4. A test handler according to claim 1, wherein:
the electronic device has a surface formed of plastic material and
the radiation sensor is positioned so its field of view is intercepted by the plastic surface.
5. A test handler according to claim 1, further including:
a plurality of carriers operative to move packaged electronic devices through the heat transfer chambers to the test platform; and
a plurality of radiation detectors located along the travel path of the carriers,
the carriers being constructed and configured to bring the packaged electronic devices into thermal communication with the heat transfer elements and with the radiation detectors as they are moved through the heat transfer chambers by the carriers.
6. A test handler according to claim 1, wherein the radiation sensor comprises a thermopile device.
7. A test handler according to claim 6, wherein the thermopile device includes thermocouples connected in series, each with a hot junction and a cold junction.
8. A test handler according to claim 1, wherein the radiation sensor includes a wave-guide adjacent to its detecting surface that is adapted to define a transmission path for radiation from the electronic device to reach the radiation sensor.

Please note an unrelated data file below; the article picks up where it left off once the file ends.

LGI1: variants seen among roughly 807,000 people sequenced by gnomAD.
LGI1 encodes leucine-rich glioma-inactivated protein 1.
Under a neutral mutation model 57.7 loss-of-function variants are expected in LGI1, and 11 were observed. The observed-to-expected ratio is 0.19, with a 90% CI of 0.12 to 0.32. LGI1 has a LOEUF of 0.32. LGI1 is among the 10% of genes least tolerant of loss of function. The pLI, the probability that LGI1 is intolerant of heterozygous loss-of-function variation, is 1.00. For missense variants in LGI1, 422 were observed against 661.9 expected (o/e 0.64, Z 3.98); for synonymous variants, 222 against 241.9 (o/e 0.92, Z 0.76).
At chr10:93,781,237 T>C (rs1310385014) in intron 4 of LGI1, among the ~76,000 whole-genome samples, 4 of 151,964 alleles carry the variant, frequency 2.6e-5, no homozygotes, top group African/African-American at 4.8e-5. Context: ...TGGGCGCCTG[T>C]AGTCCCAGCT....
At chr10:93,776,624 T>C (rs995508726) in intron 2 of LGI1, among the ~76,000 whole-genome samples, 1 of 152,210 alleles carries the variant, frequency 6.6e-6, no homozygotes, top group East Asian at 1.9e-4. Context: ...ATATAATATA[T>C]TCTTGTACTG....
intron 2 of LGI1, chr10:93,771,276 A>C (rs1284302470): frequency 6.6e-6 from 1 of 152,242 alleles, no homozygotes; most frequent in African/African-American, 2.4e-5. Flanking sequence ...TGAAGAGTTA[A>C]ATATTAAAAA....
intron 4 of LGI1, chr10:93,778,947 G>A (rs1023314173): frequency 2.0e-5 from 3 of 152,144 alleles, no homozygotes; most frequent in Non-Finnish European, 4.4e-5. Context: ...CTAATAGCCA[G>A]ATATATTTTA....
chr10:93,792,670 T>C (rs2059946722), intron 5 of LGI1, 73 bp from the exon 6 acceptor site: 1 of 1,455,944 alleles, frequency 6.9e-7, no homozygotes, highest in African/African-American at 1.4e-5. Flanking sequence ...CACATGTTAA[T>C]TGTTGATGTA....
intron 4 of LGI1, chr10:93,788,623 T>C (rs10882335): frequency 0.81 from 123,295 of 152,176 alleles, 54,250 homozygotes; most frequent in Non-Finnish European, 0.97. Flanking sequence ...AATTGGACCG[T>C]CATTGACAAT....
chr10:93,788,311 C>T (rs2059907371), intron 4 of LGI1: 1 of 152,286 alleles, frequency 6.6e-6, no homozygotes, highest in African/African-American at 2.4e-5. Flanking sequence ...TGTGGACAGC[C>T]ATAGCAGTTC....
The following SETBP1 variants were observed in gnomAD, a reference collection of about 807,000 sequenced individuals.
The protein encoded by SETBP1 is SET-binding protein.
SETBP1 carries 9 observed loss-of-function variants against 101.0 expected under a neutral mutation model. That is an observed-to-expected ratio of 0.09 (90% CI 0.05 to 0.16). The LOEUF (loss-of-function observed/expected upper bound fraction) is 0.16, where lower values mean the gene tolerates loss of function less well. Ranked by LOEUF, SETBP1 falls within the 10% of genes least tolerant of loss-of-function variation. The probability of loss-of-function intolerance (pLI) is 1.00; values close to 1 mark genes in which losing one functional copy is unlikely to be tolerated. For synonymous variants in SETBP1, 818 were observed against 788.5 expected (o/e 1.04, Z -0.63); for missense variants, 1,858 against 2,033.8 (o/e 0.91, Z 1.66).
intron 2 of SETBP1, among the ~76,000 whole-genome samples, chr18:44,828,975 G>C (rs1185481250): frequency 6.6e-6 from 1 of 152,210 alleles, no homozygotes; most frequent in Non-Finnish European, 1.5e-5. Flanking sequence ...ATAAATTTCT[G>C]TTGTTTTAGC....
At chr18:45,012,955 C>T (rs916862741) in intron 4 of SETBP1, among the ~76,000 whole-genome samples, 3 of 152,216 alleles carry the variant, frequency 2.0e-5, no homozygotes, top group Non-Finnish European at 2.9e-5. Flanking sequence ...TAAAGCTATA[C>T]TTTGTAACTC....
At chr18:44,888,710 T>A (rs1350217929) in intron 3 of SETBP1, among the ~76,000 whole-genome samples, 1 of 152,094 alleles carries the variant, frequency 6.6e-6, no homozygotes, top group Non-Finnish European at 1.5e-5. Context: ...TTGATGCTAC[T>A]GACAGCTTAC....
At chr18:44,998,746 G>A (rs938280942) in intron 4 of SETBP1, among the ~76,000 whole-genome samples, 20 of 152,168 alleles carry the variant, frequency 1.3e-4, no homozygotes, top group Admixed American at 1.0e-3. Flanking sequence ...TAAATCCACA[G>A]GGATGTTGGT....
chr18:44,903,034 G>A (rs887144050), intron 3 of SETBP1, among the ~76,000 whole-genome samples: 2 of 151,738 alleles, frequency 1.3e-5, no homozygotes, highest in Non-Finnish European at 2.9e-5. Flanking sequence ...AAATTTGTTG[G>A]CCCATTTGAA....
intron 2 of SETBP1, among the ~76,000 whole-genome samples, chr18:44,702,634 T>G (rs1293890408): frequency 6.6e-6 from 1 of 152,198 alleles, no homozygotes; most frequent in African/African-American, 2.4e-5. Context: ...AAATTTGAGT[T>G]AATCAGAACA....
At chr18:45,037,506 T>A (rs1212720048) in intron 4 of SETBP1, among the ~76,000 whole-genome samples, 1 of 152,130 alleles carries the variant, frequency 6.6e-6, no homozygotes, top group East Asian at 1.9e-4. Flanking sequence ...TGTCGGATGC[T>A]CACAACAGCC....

9. A test handler according to claim 8, wherein the wave-guide has a polished wall to reduce scattering of radiation waves.
10. A test handler according to claim 1, wherein the heat transfer location comprises:
a heat transfer chamber in communication with the test platform;
a heat transfer element in the heat transfer chamber; and
a computer operated controller for the heat transfer element.
11. A test handler according to claim 10, further including a carrier operative to move packaged electronic devices through the heat transfer chamber to the test platform, the carrier being constructed and configured to bring to packaged electronic devices into thermal communication with the heat transfer element and with the radiation detector as they are moved through the heat transfer chamber by the carrier.
12. A test handler according to claim 1, wherein the temperature maintenance arrangement provides a coolant to the radiation sensor.
13. A test handler according to claim 12, wherein the coolant is air.
14. A test handler according to claim 1, wherein the radiation sensor is attached to a support including the temperature maintenance arrangement.